Isaak/Izaak WALTON 1593-1683
Born in Stafford, son of Gervase Walton, innkeeper. Educated at the local grammar school before being apprenticed to a London linen draper in 1611. Freeman of the Ironmongers' Company 1618, by which time he was trading in cloth and garments in Chancery lane. He became friendly with John Donne, who was Walton's parish priest from 1624, and through him with a wider literary circle including Sir Henry Wotton and Henry King. Walton wrote a biography of Donne prefaced to the posthumous LXXX sermons (1640), the first of a number of biographies whose publication established Walton's literary reputation (life of Sir Henry Wotton, 1651, of Richard Hooker, 1665, of George Herbert 1670, of Robert Sanderson 1678). A royalist during the Civil War, he spent most of the 1640s and 50s in London; in 1653, his celebrated fishing manual, The compleat angler, was published. In 1661 he moved to Winchester as steward to George Morley, who had been made Bishop there; he died in Winchester though in his later years he lived with his daughter at Droxford, where his son in law was rector.
It is clear from Walton's writings that he read extensively. In 1980 a list of 65 traced books from his personal library was published, and it is likely that his total collection was appreciably larger than this. It was noted then that the great majority of the books he is known to have owned were in English, with a high proportion of devotional works alongside some history and literature. In his will, he made some specific bequests of books: Donne's sermons to his son in law William Hawkins, Richard Sibbes's Soules conflict to his son and his Bruised reed to his daughter, "desiring them to read them so as to be well acquainted with them". A copy of Joseph Hall's Works was also to be given to his daughter. All the rest of his books, which were in various locations, were divided between his son Izaak and daughter Anne, the former receiving all his books at Farnham Castle (the Bishop of Winchester's residence), and the latter receiving those at Droxford and Winchester. Examples: Bodleian Antiq.f.E.1648/1, Christ Church Oxford e.7.21, NLS H.S.1, Salisbury Cathedral (where there are many of his books) T.3.33, T.4.6.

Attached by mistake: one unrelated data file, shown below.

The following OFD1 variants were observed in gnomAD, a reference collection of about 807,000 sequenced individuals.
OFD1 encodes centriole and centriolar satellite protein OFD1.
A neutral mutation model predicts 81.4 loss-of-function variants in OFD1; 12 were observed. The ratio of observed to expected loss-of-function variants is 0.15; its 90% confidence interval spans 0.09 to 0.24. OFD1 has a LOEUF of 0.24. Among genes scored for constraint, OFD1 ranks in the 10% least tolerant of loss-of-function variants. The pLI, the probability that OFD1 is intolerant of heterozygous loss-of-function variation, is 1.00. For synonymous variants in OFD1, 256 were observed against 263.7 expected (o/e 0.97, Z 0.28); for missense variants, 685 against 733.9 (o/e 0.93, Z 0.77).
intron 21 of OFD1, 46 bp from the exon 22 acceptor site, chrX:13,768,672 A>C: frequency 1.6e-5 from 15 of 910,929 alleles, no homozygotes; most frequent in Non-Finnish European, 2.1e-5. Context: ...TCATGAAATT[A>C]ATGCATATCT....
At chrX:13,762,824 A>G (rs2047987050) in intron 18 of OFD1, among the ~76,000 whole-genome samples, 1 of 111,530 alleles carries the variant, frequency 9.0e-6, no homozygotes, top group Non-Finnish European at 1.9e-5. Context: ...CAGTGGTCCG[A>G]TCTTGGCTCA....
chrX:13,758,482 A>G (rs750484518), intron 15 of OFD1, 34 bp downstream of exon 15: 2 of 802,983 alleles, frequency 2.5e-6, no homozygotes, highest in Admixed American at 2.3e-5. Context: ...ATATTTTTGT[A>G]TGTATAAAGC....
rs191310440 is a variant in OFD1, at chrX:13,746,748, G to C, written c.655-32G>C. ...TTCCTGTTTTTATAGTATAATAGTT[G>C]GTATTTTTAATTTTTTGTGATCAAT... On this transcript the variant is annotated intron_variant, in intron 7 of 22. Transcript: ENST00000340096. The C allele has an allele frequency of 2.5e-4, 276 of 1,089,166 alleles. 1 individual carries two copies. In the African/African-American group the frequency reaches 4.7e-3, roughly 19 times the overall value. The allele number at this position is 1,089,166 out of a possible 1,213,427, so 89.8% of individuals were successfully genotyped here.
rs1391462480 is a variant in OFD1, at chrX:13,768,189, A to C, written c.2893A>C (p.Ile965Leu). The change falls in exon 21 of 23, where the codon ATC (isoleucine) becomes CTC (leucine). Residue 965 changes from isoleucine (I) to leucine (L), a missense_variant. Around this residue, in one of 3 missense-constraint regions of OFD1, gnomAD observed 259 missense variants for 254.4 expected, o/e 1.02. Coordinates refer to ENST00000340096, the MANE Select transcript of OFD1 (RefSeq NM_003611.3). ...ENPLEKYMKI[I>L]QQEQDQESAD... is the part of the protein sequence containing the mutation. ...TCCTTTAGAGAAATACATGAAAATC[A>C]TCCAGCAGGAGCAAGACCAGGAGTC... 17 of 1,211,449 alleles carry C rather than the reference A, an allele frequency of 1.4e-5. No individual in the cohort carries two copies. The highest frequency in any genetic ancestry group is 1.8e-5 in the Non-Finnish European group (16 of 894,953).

Walton's books were typically in plain and simple bindings with minimal decoration, though a few examples are noted with I W stamped on the boards. He usually inscribed his books in the top right hand corner of the titlepage, "Izaak: Walton" (the punctuation varies), and often added details of price or donation. He regularly annotated his books in various ways, through the text or on the endleaves.
- Bevan, J. Some books from Izaak Walton’s library, The Library 6th ser 2 (1980), 259-63.
- Martin, Jessica. "Walton, Izaak (1593–1683), author and biographer." Oxford Dictionary of National Biography.
- Naiman, S. Izaak Walton in W. Baker (ed), Pre-19th century British book collectors, 1999, 386-93.
- Izaak Walton, Catalogue of English literary manuscripts 1450-1700.